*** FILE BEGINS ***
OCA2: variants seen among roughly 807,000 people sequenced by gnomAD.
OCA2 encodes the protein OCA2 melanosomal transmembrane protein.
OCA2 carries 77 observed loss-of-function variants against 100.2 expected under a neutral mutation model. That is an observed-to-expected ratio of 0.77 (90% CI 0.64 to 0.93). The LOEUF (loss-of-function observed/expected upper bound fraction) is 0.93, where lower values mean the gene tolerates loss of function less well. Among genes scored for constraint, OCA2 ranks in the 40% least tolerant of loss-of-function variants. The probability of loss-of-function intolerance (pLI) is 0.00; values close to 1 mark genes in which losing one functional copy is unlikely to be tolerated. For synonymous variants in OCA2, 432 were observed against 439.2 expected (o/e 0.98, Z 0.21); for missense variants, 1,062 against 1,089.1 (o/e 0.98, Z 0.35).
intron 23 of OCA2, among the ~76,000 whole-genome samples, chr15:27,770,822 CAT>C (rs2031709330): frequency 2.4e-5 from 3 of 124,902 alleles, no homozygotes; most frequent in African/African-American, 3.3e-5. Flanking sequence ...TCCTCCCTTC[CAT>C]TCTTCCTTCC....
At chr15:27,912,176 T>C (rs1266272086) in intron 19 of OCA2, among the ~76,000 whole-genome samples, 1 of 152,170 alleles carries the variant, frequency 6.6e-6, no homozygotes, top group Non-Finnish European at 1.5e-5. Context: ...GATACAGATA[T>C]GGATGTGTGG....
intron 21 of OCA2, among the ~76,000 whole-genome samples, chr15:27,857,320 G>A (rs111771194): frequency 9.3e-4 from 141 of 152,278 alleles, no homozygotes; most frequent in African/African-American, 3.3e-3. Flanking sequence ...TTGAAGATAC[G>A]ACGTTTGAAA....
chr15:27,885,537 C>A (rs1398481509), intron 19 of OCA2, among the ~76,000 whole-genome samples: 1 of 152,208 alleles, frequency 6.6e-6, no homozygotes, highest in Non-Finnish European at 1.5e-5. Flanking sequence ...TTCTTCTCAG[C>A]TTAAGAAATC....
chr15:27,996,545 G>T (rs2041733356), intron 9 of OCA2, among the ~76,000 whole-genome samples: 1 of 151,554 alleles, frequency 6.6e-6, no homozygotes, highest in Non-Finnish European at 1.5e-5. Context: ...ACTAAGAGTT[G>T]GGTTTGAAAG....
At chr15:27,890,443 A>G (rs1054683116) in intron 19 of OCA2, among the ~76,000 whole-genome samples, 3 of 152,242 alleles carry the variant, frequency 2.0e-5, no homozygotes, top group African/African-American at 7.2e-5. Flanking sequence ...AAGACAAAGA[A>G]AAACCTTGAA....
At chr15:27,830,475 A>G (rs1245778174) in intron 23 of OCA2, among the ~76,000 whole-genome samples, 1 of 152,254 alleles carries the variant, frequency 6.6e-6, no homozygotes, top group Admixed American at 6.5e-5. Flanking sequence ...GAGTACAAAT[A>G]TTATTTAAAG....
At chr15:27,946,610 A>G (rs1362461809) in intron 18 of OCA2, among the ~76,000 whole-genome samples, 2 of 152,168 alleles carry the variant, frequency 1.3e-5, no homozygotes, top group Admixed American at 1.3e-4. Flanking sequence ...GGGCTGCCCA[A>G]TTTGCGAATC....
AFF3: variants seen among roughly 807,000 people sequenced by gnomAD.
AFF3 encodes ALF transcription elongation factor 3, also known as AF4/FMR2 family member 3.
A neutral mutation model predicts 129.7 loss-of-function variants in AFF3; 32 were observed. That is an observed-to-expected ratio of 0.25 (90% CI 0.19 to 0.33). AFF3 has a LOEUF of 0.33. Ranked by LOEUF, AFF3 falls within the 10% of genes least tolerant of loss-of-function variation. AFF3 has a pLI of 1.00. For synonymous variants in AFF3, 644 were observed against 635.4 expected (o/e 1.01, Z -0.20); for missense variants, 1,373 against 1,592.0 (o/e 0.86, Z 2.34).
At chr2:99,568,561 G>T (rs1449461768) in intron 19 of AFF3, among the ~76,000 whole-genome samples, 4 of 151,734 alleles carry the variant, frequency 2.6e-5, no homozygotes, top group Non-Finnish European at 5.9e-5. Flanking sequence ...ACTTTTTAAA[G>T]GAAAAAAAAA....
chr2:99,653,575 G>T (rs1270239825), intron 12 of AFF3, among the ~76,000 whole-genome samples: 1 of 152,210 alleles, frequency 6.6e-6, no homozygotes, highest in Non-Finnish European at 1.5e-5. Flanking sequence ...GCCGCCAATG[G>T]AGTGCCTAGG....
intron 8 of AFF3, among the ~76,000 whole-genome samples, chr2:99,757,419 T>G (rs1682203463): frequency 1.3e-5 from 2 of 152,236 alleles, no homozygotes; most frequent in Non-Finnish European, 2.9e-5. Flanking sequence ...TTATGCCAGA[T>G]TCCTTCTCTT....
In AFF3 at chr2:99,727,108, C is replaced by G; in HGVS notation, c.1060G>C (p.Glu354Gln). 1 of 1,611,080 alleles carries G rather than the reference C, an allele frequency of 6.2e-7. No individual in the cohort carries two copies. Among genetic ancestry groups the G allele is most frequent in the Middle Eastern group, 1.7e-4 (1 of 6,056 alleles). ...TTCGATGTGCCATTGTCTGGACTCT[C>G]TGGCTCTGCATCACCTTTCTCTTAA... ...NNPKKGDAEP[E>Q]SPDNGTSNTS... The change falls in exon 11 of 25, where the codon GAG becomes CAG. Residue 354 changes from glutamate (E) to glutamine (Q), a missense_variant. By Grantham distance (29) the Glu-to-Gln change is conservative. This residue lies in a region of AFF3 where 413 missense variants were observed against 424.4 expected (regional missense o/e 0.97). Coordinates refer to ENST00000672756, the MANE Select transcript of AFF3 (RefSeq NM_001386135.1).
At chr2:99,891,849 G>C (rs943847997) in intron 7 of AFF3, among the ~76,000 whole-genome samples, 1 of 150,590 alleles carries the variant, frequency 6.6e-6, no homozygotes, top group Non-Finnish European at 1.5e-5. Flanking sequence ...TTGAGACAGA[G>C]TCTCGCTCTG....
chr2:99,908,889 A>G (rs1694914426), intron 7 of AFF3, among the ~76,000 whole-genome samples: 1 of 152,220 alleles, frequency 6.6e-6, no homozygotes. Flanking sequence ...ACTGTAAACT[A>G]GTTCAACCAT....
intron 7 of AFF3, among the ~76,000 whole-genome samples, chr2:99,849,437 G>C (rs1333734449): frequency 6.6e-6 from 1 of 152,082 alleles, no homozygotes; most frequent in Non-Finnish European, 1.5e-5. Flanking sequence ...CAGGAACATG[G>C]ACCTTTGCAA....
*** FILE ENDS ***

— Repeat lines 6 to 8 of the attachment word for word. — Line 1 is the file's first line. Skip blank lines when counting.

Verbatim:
intron 21 of OCA2, among the ~76,000 whole-genome samples, chr15:27,857,320 G>A (rs111771194): frequency 9.3e-4 from 141 of 152,278 alleles, no homozygotes; most frequent in African/African-American, 3.3e-3. Flanking sequence ...TTGAAGATAC[G>A]ACGTTTGAAA....
chr15:27,885,537 C>A (rs1398481509), intron 19 of OCA2, among the ~76,000 whole-genome samples: 1 of 152,208 alleles, frequency 6.6e-6, no homozygotes, highest in Non-Finnish European at 1.5e-5. Flanking sequence ...TTCTTCTCAG[C>A]TTAAGAAATC....
chr15:27,996,545 G>T (rs2041733356), intron 9 of OCA2, among the ~76,000 whole-genome samples: 1 of 151,554 alleles, frequency 6.6e-6, no homozygotes, highest in Non-Finnish European at 1.5e-5. Context: ...ACTAAGAGTT[G>T]GGTTTGAAAG....